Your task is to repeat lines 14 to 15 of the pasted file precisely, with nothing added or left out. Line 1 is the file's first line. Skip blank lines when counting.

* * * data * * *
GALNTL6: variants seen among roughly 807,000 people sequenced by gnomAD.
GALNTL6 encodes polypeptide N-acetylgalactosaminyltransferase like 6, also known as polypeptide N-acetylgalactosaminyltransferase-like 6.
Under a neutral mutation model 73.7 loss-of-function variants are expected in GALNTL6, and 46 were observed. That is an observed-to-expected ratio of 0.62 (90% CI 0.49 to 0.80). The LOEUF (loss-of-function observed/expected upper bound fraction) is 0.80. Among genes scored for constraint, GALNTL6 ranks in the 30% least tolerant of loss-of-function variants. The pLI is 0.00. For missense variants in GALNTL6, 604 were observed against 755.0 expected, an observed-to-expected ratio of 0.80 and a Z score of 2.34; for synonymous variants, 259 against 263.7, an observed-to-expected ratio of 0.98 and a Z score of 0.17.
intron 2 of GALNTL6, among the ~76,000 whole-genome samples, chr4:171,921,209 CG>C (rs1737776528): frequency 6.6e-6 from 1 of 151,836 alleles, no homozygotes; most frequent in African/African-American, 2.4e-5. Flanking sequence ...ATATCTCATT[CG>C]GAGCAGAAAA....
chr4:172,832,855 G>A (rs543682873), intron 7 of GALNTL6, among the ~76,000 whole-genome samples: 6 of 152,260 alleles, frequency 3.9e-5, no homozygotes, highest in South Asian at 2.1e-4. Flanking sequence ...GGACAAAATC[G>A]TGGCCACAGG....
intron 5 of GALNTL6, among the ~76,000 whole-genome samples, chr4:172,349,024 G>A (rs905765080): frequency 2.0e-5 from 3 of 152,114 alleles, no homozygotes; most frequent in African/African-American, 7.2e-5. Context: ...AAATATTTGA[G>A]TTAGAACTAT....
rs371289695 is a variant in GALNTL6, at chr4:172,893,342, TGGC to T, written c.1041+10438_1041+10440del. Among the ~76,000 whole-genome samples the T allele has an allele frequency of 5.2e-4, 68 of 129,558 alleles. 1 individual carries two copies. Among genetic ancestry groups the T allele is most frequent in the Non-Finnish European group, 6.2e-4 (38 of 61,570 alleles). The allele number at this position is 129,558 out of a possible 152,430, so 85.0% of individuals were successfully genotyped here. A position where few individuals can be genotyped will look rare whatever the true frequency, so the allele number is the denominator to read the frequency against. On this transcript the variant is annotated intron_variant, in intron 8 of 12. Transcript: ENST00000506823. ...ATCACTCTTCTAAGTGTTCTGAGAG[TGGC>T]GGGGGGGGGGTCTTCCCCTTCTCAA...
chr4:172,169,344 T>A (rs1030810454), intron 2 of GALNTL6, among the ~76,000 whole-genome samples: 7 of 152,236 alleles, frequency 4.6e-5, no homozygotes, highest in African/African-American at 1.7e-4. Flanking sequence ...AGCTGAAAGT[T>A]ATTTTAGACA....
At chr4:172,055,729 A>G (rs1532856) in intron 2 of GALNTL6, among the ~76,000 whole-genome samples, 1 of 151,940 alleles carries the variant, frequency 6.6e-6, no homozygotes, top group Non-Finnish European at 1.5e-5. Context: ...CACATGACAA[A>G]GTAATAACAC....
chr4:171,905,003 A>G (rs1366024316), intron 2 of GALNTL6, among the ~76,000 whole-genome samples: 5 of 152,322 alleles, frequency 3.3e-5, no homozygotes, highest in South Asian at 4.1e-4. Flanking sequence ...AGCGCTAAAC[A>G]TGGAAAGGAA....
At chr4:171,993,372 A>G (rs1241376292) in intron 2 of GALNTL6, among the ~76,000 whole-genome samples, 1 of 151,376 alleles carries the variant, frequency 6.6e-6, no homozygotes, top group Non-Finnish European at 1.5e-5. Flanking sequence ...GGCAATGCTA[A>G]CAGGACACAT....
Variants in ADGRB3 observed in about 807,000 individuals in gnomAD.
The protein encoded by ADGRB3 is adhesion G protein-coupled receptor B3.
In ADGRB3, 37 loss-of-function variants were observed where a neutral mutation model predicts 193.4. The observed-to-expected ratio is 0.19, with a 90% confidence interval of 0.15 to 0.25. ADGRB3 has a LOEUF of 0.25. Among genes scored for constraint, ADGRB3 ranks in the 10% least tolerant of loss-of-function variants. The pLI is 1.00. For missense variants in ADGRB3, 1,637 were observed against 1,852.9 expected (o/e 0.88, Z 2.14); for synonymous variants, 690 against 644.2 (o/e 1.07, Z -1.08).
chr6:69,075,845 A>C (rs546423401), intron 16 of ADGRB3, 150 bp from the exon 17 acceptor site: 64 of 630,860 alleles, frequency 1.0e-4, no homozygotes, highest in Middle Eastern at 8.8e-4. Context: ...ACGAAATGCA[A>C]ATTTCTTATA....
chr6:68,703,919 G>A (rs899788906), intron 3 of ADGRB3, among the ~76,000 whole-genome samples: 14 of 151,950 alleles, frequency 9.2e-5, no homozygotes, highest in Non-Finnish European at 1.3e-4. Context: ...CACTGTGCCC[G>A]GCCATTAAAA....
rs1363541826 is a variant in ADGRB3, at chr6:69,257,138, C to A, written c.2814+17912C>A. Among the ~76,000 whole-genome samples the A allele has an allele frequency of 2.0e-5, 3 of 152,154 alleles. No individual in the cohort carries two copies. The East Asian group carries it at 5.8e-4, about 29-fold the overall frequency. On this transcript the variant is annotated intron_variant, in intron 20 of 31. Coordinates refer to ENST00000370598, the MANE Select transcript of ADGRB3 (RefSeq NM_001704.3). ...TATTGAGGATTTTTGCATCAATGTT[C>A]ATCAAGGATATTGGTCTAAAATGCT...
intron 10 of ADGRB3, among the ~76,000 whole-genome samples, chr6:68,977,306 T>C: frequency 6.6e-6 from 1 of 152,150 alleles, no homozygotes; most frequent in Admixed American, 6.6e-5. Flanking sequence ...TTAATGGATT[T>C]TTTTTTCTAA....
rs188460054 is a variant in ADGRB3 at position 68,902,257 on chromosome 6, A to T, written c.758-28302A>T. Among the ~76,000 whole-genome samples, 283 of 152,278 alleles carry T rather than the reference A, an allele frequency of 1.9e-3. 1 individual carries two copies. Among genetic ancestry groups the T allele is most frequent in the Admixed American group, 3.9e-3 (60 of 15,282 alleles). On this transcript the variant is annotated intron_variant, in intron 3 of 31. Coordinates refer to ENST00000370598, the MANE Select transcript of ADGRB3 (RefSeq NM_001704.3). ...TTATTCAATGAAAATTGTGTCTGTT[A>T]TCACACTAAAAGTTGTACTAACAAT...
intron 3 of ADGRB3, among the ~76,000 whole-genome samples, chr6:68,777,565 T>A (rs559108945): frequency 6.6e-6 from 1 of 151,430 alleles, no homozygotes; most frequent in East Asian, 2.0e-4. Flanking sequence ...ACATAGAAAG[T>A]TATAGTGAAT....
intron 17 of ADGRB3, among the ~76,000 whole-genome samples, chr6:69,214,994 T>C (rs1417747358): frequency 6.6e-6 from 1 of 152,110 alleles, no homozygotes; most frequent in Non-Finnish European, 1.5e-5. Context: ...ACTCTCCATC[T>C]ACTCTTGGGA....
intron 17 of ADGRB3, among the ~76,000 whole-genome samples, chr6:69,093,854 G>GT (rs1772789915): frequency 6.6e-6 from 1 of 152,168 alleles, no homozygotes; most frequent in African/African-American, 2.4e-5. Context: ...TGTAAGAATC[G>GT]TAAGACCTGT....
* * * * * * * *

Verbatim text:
In ADGRB3, 37 loss-of-function variants were observed where a neutral mutation model predicts 193.4. The observed-to-expected ratio is 0.19, with a 90% confidence interval of 0.15 to 0.25. ADGRB3 has a LOEUF of 0.25. Among genes scored for constraint, ADGRB3 ranks in the 10% least tolerant of loss-of-function variants. The pLI is 1.00. For missense variants in ADGRB3, 1,637 were observed against 1,852.9 expected (o/e 0.88, Z 2.14); for synonymous variants, 690 against 644.2 (o/e 1.07, Z -1.08).
chr6:69,075,845 A>C (rs546423401), intron 16 of ADGRB3, 150 bp from the exon 17 acceptor site: 64 of 630,860 alleles, frequency 1.0e-4, no homozygotes, highest in Middle Eastern at 8.8e-4. Context: ...ACGAAATGCA[A>C]ATTTCTTATA....